bugger off.  "rev" clearly implied, with his bullshit spew about matthew being aware of the cultural context, that parthenos only ever means "virgin" in a biological sense, period.  when i called him on it, invoking not only my meager education in greek but the words of two renowned scholars as well (strong and levenson, the former of whom is a hero even to evangelicals), he tried to shift the goalposts and claim he only meant the particular way the writer of matthew uses it (which i actually agree with).  furthermore, he also seemed to imply that it naturally follows that we have to take the same word in the septuagint version of isaiah in the same way, which it doesn't.  i came into the debate armed with reputable scholarship.  he came into the debate armed with a sunday school-level inductive bible study full of naked assertions, the most naked of which being that the bible forms a coherent unity.  you tell me who came in unarmed.

he's also the one who decided i somehow claimed to be an "ancient texts expert," which i certainly never did.  "rev" made an elementary error, and it only requires an elementary education to point an elementary error.  furthermore, he tried to wow me with his seminary education, and i merely pointed out that seminary is a fucking joke.

now, if you really think i'm the only one in this discussion who has been unreasonable you're either a moron or "rev" himself (who is also a moron, incidentally).  either way, once again, bugger off. 

"I asked my father,
I said, 'Father change my name.'
The one I'm using now it's covered up
with fear and filth and cowardice and shame."
--Leonard Cohen


Kapkao
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Wrong forum.

Trollville is down the hall and to your left. I'll catch up with you once you get there!

gramster wrote:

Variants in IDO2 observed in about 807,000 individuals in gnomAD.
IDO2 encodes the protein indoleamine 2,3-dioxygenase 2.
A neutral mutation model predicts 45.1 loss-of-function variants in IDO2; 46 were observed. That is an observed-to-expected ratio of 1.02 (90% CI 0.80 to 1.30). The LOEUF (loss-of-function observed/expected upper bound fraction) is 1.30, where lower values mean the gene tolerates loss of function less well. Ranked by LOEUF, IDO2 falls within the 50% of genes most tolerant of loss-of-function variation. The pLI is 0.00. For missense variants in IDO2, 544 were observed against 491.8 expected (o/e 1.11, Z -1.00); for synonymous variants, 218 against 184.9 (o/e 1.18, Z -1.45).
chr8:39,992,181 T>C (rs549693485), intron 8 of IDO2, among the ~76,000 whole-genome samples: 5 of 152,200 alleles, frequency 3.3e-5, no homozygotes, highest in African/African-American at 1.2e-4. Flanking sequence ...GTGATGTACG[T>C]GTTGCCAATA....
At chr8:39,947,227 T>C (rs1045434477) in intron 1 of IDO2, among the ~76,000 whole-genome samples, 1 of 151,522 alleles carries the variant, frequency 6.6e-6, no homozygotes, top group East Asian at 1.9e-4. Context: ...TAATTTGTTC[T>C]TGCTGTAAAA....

My, My, what angst. Is this the atheist's version of "goddidit"?? When backed into a corner, proven ignorant of the facts, and unable to defend your position, just go into a "rant" spewing out obscene words and making completely ridicules claims of "supernatural intelligence and abilities"??? Yeah right! You can just "pull a doctorate out of your ass" anytime you like even in a drunken stupor. One would have to be in a drunken stupor to say such stupid things.

If you are going to enter in to a debate, please don't go in unarmed. If you do, and get your ass kicked, accept your defeat gracefully, or do some research and come back with a logical and rational response. If you just want to be the big fish in the pond, you will have to find a much smaller pond, or maybe a goldfish bowl.

“A meritocratic society is one in which inequalities of wealth and social position solely reflect the unequal distribution of merit or skills amongst human beings, or are based upon factors beyond human control, for example luck or chance. Such a society is socially just because individuals are judged not by their gender, the colour of their skin or their religion, but according to their talents and willingness to work, or on what Martin Luther King called 'the content of their character'. By extension, social equality is unjust because it treats unequal individuals equally.” "Political Ideologies" by Andrew Heywood (2003)


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Atheistextremist wrote:a